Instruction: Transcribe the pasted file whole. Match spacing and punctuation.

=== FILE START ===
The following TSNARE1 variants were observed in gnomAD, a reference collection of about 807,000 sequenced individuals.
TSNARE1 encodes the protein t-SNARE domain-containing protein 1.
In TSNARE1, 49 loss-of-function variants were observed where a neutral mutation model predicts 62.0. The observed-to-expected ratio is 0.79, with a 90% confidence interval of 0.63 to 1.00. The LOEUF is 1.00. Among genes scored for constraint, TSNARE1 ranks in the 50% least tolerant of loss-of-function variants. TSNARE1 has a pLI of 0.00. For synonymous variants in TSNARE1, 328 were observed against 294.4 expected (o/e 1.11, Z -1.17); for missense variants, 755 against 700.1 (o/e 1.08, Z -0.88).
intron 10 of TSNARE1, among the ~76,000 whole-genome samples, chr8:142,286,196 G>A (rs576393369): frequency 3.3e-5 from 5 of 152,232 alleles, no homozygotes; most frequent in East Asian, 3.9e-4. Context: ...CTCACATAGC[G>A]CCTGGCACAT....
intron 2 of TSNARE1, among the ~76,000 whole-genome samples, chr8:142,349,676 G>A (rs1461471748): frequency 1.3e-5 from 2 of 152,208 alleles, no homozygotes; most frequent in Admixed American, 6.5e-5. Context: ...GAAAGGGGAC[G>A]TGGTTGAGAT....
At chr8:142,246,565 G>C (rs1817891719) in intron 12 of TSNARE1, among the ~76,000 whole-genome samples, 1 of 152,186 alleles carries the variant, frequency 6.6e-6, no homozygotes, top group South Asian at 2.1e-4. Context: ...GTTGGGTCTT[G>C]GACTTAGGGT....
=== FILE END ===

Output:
The following TSNARE1 variants were observed in gnomAD, a reference collection of about 807,000 sequenced individuals.
TSNARE1 encodes the protein t-SNARE domain-containing protein 1.
In TSNARE1, 49 loss-of-function variants were observed where a neutral mutation model predicts 62.0. The observed-to-expected ratio is 0.79, with a 90% confidence interval of 0.63 to 1.00. The LOEUF is 1.00. Among genes scored for constraint, TSNARE1 ranks in the 50% least tolerant of loss-of-function variants. TSNARE1 has a pLI of 0.00. For synonymous variants in TSNARE1, 328 were observed against 294.4 expected (o/e 1.11, Z -1.17); for missense variants, 755 against 700.1 (o/e 1.08, Z -0.88).
intron 10 of TSNARE1, among the ~76,000 whole-genome samples, chr8:142,286,196 G>A (rs576393369): frequency 3.3e-5 from 5 of 152,232 alleles, no homozygotes; most frequent in East Asian, 3.9e-4. Context: ...CTCACATAGC[G>A]CCTGGCACAT....
intron 2 of TSNARE1, among the ~76,000 whole-genome samples, chr8:142,349,676 G>A (rs1461471748): frequency 1.3e-5 from 2 of 152,208 alleles, no homozygotes; most frequent in Admixed American, 6.5e-5. Context: ...GAAAGGGGAC[G>A]TGGTTGAGAT....
At chr8:142,246,565 G>C (rs1817891719) in intron 12 of TSNARE1, among the ~76,000 whole-genome samples, 1 of 152,186 alleles carries the variant, frequency 6.6e-6, no homozygotes, top group South Asian at 2.1e-4. Context: ...GTTGGGTCTT[G>C]GACTTAGGGT....